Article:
Concept of critical habitat!


One would look at such as the book, "Placing Nature:
Culture and Landscape Ecology" Edited by Joan Iverson Nassuer.  Island
Press,
Washington, D.C. 1997.  In it William H. Romme has an article
entitled "Creating Pseudo-Rural Landscapes in the Mountain West." 

In this article, Mr. Romme studies the landscape ecology of
La Plata
County
in Colorado.  He had the help of Alan Andrews of the La Plata
County GIS Department.  Jim Garner of the Colorado Division of
Wildlife provided the wildlife data he uses and provides in the book.
He also list many others involved with development in
La Plata County
and others involved with landscape ecology and ecology itself.

He views the critical factor affecting wildlife as the limiting availability of winter forage versus
the relatively abundant summer forage.  He notes that although the
county has a large percentage of winter habitat for deer and elk, that
in reality the animals tend to concentrate in a few areas where forage
production and snow conditions are especially favorable.  These
concentration areas would include river valleys (major) and some
south-facing slopes where snow melts relatively quickly.  Other county
areas also provide habitat for deer and elk during severe winters.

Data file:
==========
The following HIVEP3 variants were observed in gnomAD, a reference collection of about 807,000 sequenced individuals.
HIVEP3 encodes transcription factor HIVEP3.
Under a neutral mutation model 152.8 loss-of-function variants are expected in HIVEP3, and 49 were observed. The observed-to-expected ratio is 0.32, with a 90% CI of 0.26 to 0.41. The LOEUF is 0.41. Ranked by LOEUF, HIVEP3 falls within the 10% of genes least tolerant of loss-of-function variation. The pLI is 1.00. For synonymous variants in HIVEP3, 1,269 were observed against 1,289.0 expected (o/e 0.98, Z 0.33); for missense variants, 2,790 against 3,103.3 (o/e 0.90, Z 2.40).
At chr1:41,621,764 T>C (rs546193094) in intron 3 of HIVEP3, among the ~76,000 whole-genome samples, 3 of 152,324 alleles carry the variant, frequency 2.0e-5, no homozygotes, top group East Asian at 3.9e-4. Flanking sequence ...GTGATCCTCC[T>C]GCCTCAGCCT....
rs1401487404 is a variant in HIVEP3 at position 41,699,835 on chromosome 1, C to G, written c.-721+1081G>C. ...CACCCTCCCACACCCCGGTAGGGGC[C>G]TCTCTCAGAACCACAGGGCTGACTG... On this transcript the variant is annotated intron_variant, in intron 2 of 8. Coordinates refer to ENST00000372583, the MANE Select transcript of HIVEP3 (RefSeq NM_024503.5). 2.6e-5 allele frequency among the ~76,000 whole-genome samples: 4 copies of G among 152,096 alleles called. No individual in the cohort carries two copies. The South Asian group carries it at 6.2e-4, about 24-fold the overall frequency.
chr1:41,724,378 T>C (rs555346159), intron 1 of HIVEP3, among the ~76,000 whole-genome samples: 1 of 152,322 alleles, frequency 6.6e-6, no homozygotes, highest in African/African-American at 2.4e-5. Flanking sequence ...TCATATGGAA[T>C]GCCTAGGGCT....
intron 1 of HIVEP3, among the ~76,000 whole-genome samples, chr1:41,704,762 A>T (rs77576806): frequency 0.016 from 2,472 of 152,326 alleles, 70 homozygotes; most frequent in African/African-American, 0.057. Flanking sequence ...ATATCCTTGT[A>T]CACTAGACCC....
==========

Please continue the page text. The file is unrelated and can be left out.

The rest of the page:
These would be areas where forage is still available during severe
snow depths.  This would include steep south-facing slopes of middle
elevations and semi-desert lower elevations in the south county areas.
Many of these areas produce poor pant growth.  And the deer and elk
tend to feed elsewhere except in severe winters. These areas can
provide the difference between major die offs and the survival of a
large segment of the populations.
Now there is also a category of essential elk habitat which is defined
as the overlap of elk winter concentration areas and severe winter
range.

Charts are provided which give statistics on the total areas of this
needed winter habitat, the percentage of this habitat on private lands
and the percentage of this land which is developed.

For instance
Elk Winter Range - 157,827 public acres, Private - 414,229 acres,
Tribal - 167,707 acres
Elk severe winter range - 24,383 public, 162,720 private, 37,338
Tribal
Elk winter concentration areas - 22,883 public, 61,813 private, 2,907
tribal
Essential Elk habitat - 15,177 public, 47,702 private, 2,907 tribal
Acres occupied by Subdivisions
Elk Winter Range - 62,658 - 8% of 740,795 acres
Elk severe winter range - 28,095 - 13% of 224,460 acres
Elk winter concentration acres  - 14,645 - 17% of 87,580 acres
Essential Elk habitat - 10,598 - 16% of 65,786 acres

The statistics are much the same but more restricted in range, around
the private and critical habitat for deer, duck, black bear and bald
eagle populations.  The article does stress that there is much overlap
of effects by private areas occupied by subdivisions.  This would
include the effects of dogs and cats roaming around the yards.  It
would include fragmentation of habitats depending on how the
subdivisions are arranged.  Such as riding horses around the area can
disrupt wildlife.

Now
Colorado does have emergency winter feeding programs; but as one
can imagine this would not affect much of the other wildlife in the
area besides the deer and elk.  So it is viewed as a severe problem.
If the area is larger than 35 acres in
Colorado, it is exempt from any
usual regulations.  It can and does often disrupt critical habitat!